Bob Dutton

Bob Dutton

   SEATTLE — Some dramatics Sunday by Mitch Haniger and Jean Segura helped the Mariners close out the first week of Robinson Cano’s 80-game drug suspension with four victories in six games.

   Haniger now occupies Cano’s slot as the lineup’s No. 3 hitter, and there’s no reason to believe he won’t continue to be a potent run-producing bat wherever positioned. Haniger leads the club with 12 homers and 36 RBIs.

   That doesn’t mean he actually compensates for Cano’s absence.

   For now, the Mariners are replacing Cano pretty much by shifting Ben Gamel and Guillermo Heredia from part-time to full-time duty while general manager Jerry Dipoto searches to acquire additional lineup muscle.

   (If Dipoto can pull that off — add anything approaching Cano-like production while lacking a significant trade-chip prospect in the upper minors and do so without significantly weakening another area — he should be the GM of the year.)

   It’s more likely the Mariners must be better in other areas.

   Yes it would help if their rotation’s recent surge isn’t a mirage (a 3.24 ERA over the last 20 games) and if their veteran setup relievers begin pitching consistently to expectations (after blowing five saves in the last 18 games).

   On offense, without Cano, their best hope is to make better use of their opportunities.

   Let’s crunch a few numbers.

   The Mariners’.263 average through Sunday with runners in scoring position ranks sixth among the 30 clubs and roughly mirrors last year when they ranked sixth at .273.

   Now let’s look at baserunning.

   Recall that the Mariners were terrible early last season on the bases, which prompted team-wide video review sessions in an effort to generate peer pressure to increase awareness.

   That helped a little. The Mariners got marginally better on the bases over the closing weeks, but manager Scott Servais still vowed to make better baserunning a cornerstone goal this year in spring training.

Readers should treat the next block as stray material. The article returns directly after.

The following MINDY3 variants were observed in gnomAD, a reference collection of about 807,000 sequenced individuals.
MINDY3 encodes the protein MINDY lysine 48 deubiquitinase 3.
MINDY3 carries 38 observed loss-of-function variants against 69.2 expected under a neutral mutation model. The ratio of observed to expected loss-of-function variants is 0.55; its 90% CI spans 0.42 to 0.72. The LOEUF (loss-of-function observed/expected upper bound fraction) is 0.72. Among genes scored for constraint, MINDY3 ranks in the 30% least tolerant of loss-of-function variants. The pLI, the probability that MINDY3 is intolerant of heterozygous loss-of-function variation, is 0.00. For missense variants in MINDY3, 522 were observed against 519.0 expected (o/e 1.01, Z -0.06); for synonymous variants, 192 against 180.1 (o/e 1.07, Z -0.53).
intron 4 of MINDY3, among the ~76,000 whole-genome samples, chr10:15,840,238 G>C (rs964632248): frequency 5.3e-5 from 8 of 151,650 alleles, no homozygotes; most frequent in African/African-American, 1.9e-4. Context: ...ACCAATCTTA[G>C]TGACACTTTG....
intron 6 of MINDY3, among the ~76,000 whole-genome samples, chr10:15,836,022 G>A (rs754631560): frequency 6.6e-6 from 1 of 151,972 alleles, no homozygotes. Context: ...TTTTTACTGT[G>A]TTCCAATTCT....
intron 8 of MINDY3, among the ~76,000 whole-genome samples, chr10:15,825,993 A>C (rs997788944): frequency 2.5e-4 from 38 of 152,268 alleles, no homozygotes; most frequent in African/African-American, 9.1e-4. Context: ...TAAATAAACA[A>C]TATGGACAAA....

Results so far are encouraging. Not good, particularly. But better.

   The Mariners have a BsR rating of minus-0.7 runs on the bases, which ranks 19th. They finished last season at minus-12.6 runs, which ranked 27th.


   There is no perfect analytic metric to measure baserunning, but the best might be baserunning runs above average (BsR), which seeks to calculate the number of runs above or below average a player has been worth on the bases.

   BsR is based on stolen bases, caught stealing, extra bases taken, outs on the bases, and avoiding double plays. It is readily available on, which is an amazing and addictive site.


   For comparison purposes, Detroit (through Sunday) had the best BsR at plus-5.3 runs a game, which represents an amazing turnaround. The Tigers were dead last a year ago at minus-19.8.

   So clubs can get better, significantly better, in just one year.

   Oakland currently has the worst BsR at a staggering minus-11.0 runs through 47 games. The Mariners open a three-game series Tuesday at Oakland.

   A look at the Mariners’ individual ratings also reveals general improvement.

PLAYER                2017        2018

Nelson Cruz                -3.9        -0.6

Robinson Cano            -3.0        -0.2

Mitch Haniger            -2.5        +0.1

Mike Zunino            -1.7        -0.3

Guillermo Heredia            -1.3        -0.1

Kyle Seager                -0.9        -0.7

Jean Segura                -0.5        +1.4

Ben Gamel                +3.4        -1.1

   Since-departed Jarrod Dyson led the Mariners last year at plus-5.6, while Gamel was second at plus-3.4. No other player was better than plus-0.8.

   Several key players last year were deep in the red, led by since-departed Danny Valencia at minus-5.9, but Cruz, Cano and Haniger also posted dreadful marks. The latter three have each improvement significantly.

   Zunino and Heredia also show major gains, but Seager is about the same, and Gamel shows a disappointing regression.

   Dee Gordon is the club’s current leader at plus-2.6, which is no surprise since he posted a plus-9.3 last year at Miami. Ryon Healy’s minus-0.9 is better than his minus-1.8 last year at Oakland but still the second-worst mark on the club.

   Bottom line: There remains a lot of room for improvement.